Invest Time in Positive Feedback

There is so much advice available on how to deliver tough feedback. How to have a challenging conversation. How to support a struggling employee (or friend, or peer). How to explain when someone is falling short of expectations.

And for good reason. Chances are you have agonized over some version of the tough conversation you know you need to have with an employee, peer, boss, friend, or significant other. You have over-analyzed how it will go. You have expected and planned for the worst. I certainly have.

But how much time do you spend considering how to congratulate someone? How to elevate them? How to recognize them? How to thank them? How to express your gratitude to them?

When your direct report (or friend, or peer) completely crushed that huge presentation, which was the culmination of several months of work, did you send them a quick message on Teams or Slack like this “WOW. EXCELLENT JOB!!”, after ruminating on it for 30 seconds? I’ve certainly been guilty of that.

There’s an odd mismatch where we invest considerable time, energy, and focus on providing challenging feedback and far less (and far too little) on providing positive feedback. We seem to default to more generic feedback when it’s positive.

Consider receiving the following two messages – which feels better as the recipient?

“Amazing job, Ashley. You crushed that presentation!”

“Amazing job, Ashley. You crushed that! Wow. There were a few things that really stuck out to me when you delivered your presentation. First, it’s clear how much care you took with every aspect of the content, including the small details, like the icons you used to visually aid your story. The pride you take in your work is evident. Second, I can’t believe you were able to distill so much client feedback and data into a clear and concise story – it’s hard to communicate powerful takeaways in only a few words and you did just that. I’m certain you built immense client empathy among the audience, and we will see the downstream impact on our client satisfaction scores, one of our key functional objectives. Would you be open to me asking you a few questions during our next team meeting on how you prepared? I know everyone (myself included) would stand to benefit!”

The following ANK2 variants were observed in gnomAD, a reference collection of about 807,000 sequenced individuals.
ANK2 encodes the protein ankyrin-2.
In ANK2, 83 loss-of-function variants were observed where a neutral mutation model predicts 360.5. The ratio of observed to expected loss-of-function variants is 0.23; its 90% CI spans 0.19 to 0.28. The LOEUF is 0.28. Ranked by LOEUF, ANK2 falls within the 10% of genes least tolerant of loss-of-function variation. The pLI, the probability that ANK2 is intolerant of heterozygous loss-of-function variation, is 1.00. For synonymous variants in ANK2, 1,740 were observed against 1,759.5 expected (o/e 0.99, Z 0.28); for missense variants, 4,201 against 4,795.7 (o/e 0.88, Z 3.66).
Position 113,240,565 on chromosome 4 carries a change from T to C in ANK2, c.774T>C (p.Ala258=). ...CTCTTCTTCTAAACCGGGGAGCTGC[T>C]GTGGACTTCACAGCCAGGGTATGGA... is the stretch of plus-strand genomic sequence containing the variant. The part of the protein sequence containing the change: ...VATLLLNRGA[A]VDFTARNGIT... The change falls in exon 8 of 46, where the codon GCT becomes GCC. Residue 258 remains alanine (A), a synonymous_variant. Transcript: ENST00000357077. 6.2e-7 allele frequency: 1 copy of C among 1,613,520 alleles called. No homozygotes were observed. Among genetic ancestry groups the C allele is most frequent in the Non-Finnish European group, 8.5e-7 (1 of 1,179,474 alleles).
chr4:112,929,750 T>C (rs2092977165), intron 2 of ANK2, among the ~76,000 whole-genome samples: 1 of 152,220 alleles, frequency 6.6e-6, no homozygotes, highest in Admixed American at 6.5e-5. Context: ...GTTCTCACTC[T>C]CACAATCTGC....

If you can reference a few specific examples that really stood out in the person’s work, describe the expected positive impact, and find an opportunity to celebrate it, your ‘thank you’ will feel much more meaningful than a generic ‘great job’.

It doesn’t require a huge amount of time. It takes a bit of self-awareness, patience, and consideration. And I believe it pays off in a big way.